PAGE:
Monday 19 July 2010

South of the border

We left Hawick on Saturday morning, ponies a mite too refreshed from their day off - cantering down the A7 with Micky and Magic racing two horses galloping around in the adjacent field wasn't on my agenda, particularly not with two motorbikes trying to overtake and an oncoming coach.

I'd planned to ride down the Waverley Way, a disused railway line, but Sheila's neighbours quite rightly said it had to be worth trying to follow exactly the way the drovers went, even though no-one could tell me how passable it would be. Knowing that I am following exactly in their footsteps has been one of the real highlights of my ride so far. It wasn't straightforward getting there, the path shown on the map no longer existing in places, but well worth the effort to reach Peelbraehope, the remains of a steading in the forest with a plaque on a stone plinth confirming that here once stood the home of the Elliott's, and that this was for many years a key meeting place and overnight stance on the drove route south from the Highlands.

On through the forest, both the drove road and the path marked on the OS map disappeared altogether, not into bog but dense conifers. Magic knew full well that scrabbling under low branches was not what a responsible pack pony should do for fear of losing her load, but there was no other way to get up above the trees, and with a bit more encouragement she trustingly followed me and Micky with her eyes closed. It was worth the struggle to find ourselves on Maiden Paps with fantastic panorama across the Borders.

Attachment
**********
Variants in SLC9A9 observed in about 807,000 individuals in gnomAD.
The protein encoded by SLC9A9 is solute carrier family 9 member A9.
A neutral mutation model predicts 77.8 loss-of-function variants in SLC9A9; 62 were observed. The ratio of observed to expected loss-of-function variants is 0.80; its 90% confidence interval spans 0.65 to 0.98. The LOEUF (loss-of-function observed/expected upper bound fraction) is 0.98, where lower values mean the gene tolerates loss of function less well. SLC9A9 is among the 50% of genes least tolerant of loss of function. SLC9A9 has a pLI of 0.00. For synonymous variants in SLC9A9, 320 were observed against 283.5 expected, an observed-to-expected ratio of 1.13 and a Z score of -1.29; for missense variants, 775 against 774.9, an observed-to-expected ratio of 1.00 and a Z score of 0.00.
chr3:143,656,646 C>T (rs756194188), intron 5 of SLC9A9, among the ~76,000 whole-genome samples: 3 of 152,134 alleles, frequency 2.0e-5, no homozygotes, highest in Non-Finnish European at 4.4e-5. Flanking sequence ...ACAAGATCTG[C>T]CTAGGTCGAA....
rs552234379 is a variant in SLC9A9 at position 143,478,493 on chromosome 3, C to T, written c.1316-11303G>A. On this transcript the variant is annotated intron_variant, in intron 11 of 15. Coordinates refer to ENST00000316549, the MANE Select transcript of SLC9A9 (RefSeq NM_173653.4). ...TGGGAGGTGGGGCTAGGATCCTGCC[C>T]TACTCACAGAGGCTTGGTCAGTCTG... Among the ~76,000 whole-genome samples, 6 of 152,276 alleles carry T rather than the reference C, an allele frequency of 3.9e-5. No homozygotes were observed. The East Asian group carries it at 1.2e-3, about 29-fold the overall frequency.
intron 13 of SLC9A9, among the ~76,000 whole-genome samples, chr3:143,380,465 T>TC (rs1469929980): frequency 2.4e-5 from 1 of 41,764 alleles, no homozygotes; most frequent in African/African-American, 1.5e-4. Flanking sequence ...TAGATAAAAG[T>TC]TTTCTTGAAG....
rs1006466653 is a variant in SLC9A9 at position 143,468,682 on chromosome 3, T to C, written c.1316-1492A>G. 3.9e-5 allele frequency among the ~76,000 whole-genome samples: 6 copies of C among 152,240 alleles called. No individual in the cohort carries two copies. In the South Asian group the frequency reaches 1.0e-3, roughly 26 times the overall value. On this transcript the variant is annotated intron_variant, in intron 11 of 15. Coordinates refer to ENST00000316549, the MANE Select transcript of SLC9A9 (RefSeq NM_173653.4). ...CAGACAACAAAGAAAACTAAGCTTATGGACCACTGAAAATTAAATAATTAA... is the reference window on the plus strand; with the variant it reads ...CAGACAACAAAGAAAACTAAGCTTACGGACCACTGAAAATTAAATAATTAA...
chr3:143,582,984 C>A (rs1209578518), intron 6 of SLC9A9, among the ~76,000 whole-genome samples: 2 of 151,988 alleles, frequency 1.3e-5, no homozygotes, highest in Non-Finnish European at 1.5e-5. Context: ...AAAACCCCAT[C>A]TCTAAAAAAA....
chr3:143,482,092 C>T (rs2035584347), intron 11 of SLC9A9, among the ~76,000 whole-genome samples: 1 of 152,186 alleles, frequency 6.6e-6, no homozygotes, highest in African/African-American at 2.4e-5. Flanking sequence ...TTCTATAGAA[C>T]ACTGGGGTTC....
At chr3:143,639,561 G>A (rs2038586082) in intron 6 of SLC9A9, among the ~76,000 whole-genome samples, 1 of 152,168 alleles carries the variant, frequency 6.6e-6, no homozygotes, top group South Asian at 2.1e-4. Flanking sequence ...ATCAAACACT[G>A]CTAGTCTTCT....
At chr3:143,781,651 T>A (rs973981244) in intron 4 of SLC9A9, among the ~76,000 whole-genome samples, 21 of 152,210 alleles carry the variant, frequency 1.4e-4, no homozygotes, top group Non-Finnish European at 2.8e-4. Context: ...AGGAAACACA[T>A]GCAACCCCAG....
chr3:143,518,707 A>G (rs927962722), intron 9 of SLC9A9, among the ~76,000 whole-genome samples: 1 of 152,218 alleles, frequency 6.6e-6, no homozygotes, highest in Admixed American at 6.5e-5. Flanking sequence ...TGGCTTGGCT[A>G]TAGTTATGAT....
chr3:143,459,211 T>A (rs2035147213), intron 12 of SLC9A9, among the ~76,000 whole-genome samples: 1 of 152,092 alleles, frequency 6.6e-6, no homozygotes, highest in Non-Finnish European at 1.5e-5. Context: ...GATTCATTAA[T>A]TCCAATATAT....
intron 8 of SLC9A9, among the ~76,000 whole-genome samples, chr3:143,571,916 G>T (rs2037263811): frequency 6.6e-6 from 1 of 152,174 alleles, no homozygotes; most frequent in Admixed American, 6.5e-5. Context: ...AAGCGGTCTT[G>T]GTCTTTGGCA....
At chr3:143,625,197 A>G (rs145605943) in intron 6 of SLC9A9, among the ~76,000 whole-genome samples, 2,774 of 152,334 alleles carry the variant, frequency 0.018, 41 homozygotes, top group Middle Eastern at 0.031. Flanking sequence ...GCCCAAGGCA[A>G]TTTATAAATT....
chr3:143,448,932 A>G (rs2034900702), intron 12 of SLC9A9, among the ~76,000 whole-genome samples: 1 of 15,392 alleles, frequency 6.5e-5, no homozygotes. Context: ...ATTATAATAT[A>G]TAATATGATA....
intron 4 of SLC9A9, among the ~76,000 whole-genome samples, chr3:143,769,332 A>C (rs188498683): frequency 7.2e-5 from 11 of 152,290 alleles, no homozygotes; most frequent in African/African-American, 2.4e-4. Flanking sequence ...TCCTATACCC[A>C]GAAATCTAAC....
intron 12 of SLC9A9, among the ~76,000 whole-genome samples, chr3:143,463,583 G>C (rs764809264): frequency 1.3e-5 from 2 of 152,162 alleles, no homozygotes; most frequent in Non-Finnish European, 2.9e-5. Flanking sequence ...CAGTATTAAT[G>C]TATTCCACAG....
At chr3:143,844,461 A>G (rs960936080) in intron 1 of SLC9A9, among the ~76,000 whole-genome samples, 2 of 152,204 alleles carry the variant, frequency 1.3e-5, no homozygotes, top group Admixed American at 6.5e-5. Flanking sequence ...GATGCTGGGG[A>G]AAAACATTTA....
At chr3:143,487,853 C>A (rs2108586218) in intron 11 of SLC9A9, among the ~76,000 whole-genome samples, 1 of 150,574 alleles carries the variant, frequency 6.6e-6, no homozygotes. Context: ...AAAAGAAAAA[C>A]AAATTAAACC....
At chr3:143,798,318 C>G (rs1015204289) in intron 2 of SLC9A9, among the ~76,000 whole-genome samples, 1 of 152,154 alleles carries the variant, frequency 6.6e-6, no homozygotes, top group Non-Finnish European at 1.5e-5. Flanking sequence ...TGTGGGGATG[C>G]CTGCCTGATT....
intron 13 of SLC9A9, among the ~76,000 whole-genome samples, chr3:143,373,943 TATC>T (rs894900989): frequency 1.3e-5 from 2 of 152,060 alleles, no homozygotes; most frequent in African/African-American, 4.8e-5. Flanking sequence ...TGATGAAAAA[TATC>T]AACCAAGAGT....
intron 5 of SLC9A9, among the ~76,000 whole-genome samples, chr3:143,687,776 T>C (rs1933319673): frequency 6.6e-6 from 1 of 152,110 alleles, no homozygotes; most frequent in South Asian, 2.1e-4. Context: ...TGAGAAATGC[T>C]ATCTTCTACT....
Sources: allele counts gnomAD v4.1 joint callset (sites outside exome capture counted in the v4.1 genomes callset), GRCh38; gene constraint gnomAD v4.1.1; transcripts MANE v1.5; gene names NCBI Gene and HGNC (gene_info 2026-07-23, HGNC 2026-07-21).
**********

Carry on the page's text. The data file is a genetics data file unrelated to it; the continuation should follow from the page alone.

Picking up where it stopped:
Just as well it's been so dry, or perhaps we wouldn't have negotiated the deep peat hags beyond that through to Sundhope, which my research before I set off told me was the way the drovers went. Then down the road to Hermitage in a rare glimmer of sunshine, lightened still further by realising that I was watching not a huge buzzard but a golden eagle.

We camped overnight at Hewis Bridge, where Debbie and Peter had been persuaded to provide a field for two ponies and a nutter they had never met before. What a treat to be fed as well as made so welcome before we climbed up to cross the border into England at Bloody Bush yesterday, and down through Kielder Forest to Falstone. The huge reservoir limited just how authentic our route could be, but we enjoyed trotting across the dam (and a surprise picnic provided en route by Sally and Zoe and a wonderful evening with Mary - bet the drovers wished they had met such welcoming people).

This mornin we've followed the twin dykes which mark the old drove road through to Bellingham. I've ridden through Slaty Ford years ago, but it took on whole new meaning now knowing that huge herds of cattle had paddled through the ford and up the grassy track. Stopped at Lanehead to take a photo of Drovers House, just near the crossroads, a man told me that this was indeed another renowned stopping off point for the drovers. whoopee.

Over 400 miles behind us, overnight with friends near Bellingham, on to Hexham tomorrow.

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